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There are few professions (or callings) that are as dichotomous (my college education at work) in the American conscious as disability service. Almost all of us who is or has worked in disability service have heard some variation of “you’re such a good person,” or “god will reward you for your work.” We may indeed be good people and divine reward (which is always in some undefined future date) is appreciated, but we disability service providers do live in the here and now.

Here in lies the dichotomy (Professor Hamm would be proud!); the general public seems to feel (or express their) gratitude for the work that we do (sometimes in the most awkward way). After all, we provide services and support for some of the most vulnerable and powerless groups in the United States (perhaps a loved one or someone you know is a member of this group). We have cared for and taught (and learned from) these individuals. We have shared incredible triumphs and sometimes devastating loss both with and because of these folks. Indeed, I recall a “tough as nails” colleague shedding (more than a few) tears at a funeral for a resident of a home I worked at. Working in this field, I’ve also done things I would never have imagined. Indeed, one of my proudest moments (admittedly, I didn’t think so at the time) is when I became a full-fledged member of the PSC guild (NOT Professional Staff Congress but Professional SH*T Cleaner). That experience changes a person and for the better (though it takes a bit of time to recognize that).

Yet despite this, Direct Support Professionals (those who work directly with individuals with an intellectual/developmental disability) only earn about $12 an hour in NYC. This can be confirmed by a causal perusal (I may as well get some use out of my education) of employment websites. Let us use that figure of $12 an hour and say 7 hours a day for 5 days a week. That comes to $420 a week and I’m guessing $330 after taxes (where are the accounting majors?). This in turn comes to about $1320 or so a month for what is (truly) difficult physical and emotional work in one of the most expensive cities in the world. This poor pay forced many of my colleagues to work multiple jobs to keep ends in sight of each other (getting ends to meet usually meant someone was on vacation or sick and you got their hours). This of course not only impacts on job efficiency and job appreciation but it impacts directly upon the health of those we count on to ensure the good health of people with disabilities.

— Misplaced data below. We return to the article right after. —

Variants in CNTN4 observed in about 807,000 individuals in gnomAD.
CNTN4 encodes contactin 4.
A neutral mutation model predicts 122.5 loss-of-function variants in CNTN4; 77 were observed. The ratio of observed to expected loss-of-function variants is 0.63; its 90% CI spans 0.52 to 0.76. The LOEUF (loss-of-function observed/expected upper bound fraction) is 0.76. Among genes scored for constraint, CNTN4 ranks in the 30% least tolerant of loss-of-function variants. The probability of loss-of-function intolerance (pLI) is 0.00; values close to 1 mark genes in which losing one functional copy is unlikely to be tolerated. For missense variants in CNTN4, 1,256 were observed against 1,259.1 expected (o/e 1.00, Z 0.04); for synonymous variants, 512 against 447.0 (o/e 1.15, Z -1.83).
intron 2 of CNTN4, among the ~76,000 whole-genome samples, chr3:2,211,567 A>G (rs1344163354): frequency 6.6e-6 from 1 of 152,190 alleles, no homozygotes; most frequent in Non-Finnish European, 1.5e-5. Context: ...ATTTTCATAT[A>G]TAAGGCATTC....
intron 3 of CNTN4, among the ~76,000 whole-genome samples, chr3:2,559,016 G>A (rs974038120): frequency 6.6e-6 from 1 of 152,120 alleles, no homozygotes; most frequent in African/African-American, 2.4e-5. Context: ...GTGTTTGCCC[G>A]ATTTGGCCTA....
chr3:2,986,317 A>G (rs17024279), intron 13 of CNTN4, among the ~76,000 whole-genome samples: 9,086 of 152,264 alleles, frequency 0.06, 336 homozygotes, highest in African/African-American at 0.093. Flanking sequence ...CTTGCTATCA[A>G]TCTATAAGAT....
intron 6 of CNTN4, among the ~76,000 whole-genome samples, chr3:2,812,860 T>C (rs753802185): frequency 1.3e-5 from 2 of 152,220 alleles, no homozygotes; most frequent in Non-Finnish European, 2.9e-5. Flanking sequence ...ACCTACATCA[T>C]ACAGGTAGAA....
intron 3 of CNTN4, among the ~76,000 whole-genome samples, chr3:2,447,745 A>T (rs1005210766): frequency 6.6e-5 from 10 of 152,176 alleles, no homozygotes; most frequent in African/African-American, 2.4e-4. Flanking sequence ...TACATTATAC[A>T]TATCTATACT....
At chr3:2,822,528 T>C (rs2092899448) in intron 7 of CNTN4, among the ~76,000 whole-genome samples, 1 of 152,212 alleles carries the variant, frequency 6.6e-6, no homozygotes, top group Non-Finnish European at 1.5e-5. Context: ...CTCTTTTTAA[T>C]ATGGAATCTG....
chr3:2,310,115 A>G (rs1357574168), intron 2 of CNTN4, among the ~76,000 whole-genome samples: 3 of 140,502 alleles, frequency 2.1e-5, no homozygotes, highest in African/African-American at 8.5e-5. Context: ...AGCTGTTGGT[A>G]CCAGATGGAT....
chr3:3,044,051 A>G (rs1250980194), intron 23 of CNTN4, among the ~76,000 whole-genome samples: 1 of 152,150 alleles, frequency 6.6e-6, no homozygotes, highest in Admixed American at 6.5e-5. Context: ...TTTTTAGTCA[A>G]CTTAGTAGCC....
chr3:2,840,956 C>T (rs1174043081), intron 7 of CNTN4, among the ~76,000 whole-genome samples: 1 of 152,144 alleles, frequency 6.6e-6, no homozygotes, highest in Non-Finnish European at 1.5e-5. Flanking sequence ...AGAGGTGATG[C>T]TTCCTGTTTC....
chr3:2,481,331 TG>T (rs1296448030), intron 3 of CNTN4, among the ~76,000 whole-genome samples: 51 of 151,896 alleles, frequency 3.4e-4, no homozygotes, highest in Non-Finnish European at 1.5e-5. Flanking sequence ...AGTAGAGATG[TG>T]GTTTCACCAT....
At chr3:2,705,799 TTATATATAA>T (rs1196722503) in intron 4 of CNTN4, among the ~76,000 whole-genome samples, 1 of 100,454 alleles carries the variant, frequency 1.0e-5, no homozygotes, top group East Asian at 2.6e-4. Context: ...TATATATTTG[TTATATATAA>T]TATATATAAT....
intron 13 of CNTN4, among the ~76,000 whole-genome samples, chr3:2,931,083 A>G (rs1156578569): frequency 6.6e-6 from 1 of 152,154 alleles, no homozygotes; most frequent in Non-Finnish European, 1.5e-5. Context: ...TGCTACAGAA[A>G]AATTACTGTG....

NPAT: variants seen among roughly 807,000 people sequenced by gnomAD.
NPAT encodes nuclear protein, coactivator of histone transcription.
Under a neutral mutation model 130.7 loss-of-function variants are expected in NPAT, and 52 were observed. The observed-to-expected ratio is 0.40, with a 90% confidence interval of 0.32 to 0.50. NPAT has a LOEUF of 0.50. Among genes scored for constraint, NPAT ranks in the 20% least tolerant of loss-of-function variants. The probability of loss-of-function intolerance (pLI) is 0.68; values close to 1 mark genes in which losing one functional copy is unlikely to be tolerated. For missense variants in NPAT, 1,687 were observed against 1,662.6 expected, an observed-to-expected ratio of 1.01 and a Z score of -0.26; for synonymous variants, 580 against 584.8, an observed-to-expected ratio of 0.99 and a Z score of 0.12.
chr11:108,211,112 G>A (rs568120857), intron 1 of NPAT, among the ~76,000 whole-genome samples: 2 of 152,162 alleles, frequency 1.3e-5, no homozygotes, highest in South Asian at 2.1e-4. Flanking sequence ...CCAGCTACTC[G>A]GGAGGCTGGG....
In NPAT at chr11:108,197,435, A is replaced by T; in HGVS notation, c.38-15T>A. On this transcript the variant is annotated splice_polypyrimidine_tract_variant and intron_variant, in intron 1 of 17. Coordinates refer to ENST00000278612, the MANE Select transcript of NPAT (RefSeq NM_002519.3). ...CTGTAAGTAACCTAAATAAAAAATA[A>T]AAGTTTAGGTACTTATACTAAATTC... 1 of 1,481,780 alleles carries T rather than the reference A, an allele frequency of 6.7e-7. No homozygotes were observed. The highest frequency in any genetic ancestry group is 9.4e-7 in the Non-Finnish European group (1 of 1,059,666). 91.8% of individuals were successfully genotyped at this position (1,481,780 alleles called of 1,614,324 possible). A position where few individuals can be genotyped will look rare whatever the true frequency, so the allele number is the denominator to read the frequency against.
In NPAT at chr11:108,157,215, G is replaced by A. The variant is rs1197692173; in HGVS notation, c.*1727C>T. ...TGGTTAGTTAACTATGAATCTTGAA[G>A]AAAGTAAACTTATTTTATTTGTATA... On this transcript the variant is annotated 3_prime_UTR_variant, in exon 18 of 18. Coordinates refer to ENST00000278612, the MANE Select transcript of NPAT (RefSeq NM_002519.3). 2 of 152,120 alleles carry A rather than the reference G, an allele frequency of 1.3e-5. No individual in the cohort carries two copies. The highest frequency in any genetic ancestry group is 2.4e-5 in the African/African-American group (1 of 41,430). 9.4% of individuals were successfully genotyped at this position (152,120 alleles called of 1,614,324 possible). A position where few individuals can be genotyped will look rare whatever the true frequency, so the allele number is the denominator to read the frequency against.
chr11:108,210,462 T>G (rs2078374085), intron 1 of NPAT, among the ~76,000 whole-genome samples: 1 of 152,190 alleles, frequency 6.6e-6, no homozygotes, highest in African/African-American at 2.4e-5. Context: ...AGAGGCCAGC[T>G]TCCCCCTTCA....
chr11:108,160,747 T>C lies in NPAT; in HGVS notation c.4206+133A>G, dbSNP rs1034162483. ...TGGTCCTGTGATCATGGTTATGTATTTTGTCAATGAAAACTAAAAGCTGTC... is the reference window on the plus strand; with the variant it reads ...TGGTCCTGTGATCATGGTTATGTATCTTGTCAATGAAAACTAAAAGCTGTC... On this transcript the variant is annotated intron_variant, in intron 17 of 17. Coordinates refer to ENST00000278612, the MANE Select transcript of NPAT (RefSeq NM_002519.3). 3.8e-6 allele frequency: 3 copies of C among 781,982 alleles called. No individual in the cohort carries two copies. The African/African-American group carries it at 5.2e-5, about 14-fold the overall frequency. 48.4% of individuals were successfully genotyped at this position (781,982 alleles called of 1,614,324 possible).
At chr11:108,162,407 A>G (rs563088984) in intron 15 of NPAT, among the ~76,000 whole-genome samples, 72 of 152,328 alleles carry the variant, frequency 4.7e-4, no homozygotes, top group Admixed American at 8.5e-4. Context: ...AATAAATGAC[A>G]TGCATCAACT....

Admittedly, things get better as one climbs the ladder, but one should be under no illusion that wage equality exists. In general a person with an equivalent education, experience, and title will make less in disability service then in other fields.  According to the Pay Scale website, an executive director makes about $71,000 a year and mid-level manager around $40,000 a year. For a good cry, contrast with other industries to see the disparity.  The question is then why do people who care for people, are praised for the kind of work they do, then get the short end of the stick when it comes to being paid a decent wage?

Having said all this, I still love this field. Along with my wife (Hi babe!) and family, this field gave me direction when I had none. It gave me a purpose or as some would say; a calling. I’ve also been fortunate in that my work was noted by various supervisors (not all, unfortunately) and I’ve been promoted a few times with commiserate raises in wages. The field also largely funded my undergraduate and graduate educations. I’ve managed to stay in the field while changing focus. I recently left non-profit disability service and entered into the world of higher education disability service. The environment and the populations I work for (and with) are different but “the calling” remains the same.

Working in disability services can sometimes be difficult and often challenging (physically and emotionally) but all in all, it is an honorable field that one can be proud to be a part of. What I hope for is that one day; it can also be a field which yields wages where one will not have to work multiple jobs to support themselves or their families.

Daniel Chan is a belated student who took the 20+ year plan to get his Bachelor’s Degree. He recently received his M.A. in Disability Studies and is working on his M.S. in Disability Services in Higher Education. His proudest academic achievement is still his GED.

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When I was a social work student studying for my MSW, my professor said that every family is built on an economic “floor.” In other words, families need a certain level of income in order to be stabile. The more holes in the floor, the more unstable the family, triggering the need for social services & income supports.

Despite the fact that fast food workers will soon be able to make $15 an hour, the living wage debate is still continuing. On the evening of Thursday, 10/08, there will be an event in support of a real living wage in New York City. Check out the link to find out more at http://www.reallivingwagenyc.org/.

I don’t know exactly what will be happening, but I hope to check it out. Maybe I’ll see some of you there and we can debrief the whole event later.

Rhonda Harrison is currently studying at CUNY SPS to earn her post-graduate certificate in Adult Learning & Program Design. She is a social worker with a background in workforce development and currently works as an Advisor at a community college.